Skin Cancer Surveillance and Prevention


Your skin is the largest organ in your body, and keeping your skin safe from UV rays and sun damage is about much more than maintaining a youthful-looking appearance. You also want to protect against the development of skin cancer, which is the most commonly occurring cancer. The more you know about preventing and recognizing the signs of skin cancer, the better your chances likely are of getting early treatment if a lesion develops. Our experienced physician, Dr. Shehla Ebrahim, can examine any areas of concern you may have and determine if further treatment may be necessary.

For more information about skin cancer diagnosis and treatment, or to schedule a consultation with our doctors, please contact our office today.

Types of Skin Cancer

There are several forms of skin cancer; however, the most common type is basal cell carcinoma (BCC), which also happens to be the least dangerous. BCCs rarely prove fatal, but they will not heal on their own and still require treatment. The second most common skin cancer is squamous cell carcinoma (SCC), which is more dangerous than BCC, but death is also extremely rare. The third main type of skin cancer is melanoma, the most dangerous and deadly, of which there are numerous distinguishing kinds. If you have an unusual mole, area of pigmentation, or a pimple or sore that never heals, you should schedule a consultation with our doctors or a dermatologist for examination immediately.

In many cases, skin cancer can be prevented with dedicated use of protective measures, such as applying sunscreen daily, even on cloudy days, and by wearing sunglasses and protective clothing. Early detection is essential, and you should have regular skin cancer screenings performed by a professional. Pay attention to your skin, and seek assistance if something unusual develops, such as an atypical mole.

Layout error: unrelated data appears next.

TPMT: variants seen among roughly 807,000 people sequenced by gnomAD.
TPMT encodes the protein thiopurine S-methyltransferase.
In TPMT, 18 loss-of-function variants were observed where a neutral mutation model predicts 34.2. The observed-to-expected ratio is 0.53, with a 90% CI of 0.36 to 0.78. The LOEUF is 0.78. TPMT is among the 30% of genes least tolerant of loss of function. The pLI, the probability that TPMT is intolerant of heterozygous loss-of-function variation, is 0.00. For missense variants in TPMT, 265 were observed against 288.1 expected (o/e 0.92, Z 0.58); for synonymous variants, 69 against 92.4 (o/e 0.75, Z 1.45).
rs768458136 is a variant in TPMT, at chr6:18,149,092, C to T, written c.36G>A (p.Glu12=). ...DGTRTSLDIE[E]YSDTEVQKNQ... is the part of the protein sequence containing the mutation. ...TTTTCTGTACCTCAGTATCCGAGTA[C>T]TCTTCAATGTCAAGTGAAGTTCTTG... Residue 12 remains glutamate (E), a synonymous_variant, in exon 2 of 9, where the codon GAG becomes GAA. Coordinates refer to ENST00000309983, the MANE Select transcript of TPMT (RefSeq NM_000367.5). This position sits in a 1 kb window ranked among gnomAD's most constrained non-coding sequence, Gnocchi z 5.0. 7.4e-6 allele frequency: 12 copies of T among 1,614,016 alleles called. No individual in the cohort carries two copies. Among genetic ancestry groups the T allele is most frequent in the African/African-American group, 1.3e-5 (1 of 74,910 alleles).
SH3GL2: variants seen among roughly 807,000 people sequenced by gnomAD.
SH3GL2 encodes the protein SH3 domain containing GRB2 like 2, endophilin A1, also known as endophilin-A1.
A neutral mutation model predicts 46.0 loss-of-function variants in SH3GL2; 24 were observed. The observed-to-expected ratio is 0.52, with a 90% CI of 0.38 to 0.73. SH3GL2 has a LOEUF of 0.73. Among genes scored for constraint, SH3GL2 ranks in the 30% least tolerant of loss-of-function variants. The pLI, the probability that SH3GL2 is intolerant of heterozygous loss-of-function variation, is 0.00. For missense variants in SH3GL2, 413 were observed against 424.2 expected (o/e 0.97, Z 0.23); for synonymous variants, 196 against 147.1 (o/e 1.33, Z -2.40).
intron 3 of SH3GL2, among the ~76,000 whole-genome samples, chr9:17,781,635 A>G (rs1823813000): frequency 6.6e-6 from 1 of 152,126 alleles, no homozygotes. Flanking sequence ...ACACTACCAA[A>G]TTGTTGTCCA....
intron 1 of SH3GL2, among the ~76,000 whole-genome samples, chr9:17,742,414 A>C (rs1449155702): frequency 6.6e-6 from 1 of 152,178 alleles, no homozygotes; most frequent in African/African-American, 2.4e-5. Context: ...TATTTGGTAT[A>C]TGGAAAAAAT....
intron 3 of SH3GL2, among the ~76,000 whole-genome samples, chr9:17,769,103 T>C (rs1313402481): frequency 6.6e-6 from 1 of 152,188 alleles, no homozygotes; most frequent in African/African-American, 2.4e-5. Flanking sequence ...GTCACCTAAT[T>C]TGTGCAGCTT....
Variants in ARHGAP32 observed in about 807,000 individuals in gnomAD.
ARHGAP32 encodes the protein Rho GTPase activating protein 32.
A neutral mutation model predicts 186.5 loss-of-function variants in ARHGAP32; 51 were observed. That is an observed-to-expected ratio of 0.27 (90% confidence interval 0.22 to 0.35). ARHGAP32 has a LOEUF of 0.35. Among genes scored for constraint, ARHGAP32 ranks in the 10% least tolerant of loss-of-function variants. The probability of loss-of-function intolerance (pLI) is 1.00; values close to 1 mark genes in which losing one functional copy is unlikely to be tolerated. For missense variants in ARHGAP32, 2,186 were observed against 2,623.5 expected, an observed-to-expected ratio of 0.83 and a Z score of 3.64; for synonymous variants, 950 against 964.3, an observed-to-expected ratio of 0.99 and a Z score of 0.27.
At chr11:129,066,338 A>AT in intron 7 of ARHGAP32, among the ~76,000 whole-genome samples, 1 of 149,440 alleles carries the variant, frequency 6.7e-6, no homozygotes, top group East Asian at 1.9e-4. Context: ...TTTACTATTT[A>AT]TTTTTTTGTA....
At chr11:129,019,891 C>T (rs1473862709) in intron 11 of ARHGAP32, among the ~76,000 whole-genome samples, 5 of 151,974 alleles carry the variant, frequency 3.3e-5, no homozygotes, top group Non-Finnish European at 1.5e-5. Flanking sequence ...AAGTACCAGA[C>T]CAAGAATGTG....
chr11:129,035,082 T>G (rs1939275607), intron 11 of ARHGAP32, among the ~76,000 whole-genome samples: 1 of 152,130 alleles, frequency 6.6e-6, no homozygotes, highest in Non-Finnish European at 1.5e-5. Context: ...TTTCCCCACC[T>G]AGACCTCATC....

It’s important to note, if you have had BCCs or SCCs in the past, you are at greater risk for developing them again in the future. You also have an elevated risk of developing melanoma, the most dangerous form of skin cancer. Younger patients and individuals with a compromised immune system are often the most vulnerable.

Skin Cancer Predispositions

In addition to excess sun exposure, the risk of developing skin cancer can increase as a result of illness, disease, and genetic predisposition. Some of the most common of these contributing factors include:

  • Arsenic poisoning
  • Genetic predisposition to BCC
  • Solar keratoses (also known as actinic keratoses)
  • Genital warts
  • Genetic predisposition to melanoma
  • Human immunodeficiency virus (HIV)
  • Medications that suppress the immune system, including azathioprine and ciclosporin
  • Organ transplantation
  • Smoking
  • Progeria (premature aging syndrome)
  • Sun damage
  • Lichen sclerosus
  • Linear porokeratosis
  • Cutaneous tuberculosis

Skin Cancer Treatments

Fortunately, there is a broad range of treatments for skin cancer, many of which offer excellent removal rates and long-term success. The methods include topical, oral, and surgical approaches, such as:

  • Mohs Micrographic Surgery
  • Cryotherapy
  • Fluorouracil cream
  • Imiquimod cream
  • Photodynamic therapy
  • Radiotherapy
  • Vismodegib (oral medication)
  • Immunotherapy for melanoma
  • Ipilimumab (intravenous treatment for advanced melanoma)
  • Vemurafenib (oral medication for inoperable melanoma)
  • Dabrafenib (oral medication for inoperable melanoma)

In some cases, the external signs of skin cancer may suggest the existence of internal cancers as well. For this and other reasons, it is essential that if you discover an unusual or new mark, sore, mole, or other skin lesion, you have it examined immediately.

If you have additional questions about skin cancer screening and protection, or if you wish to schedule a consultation with Dr. Ebrahim, please contact us today.

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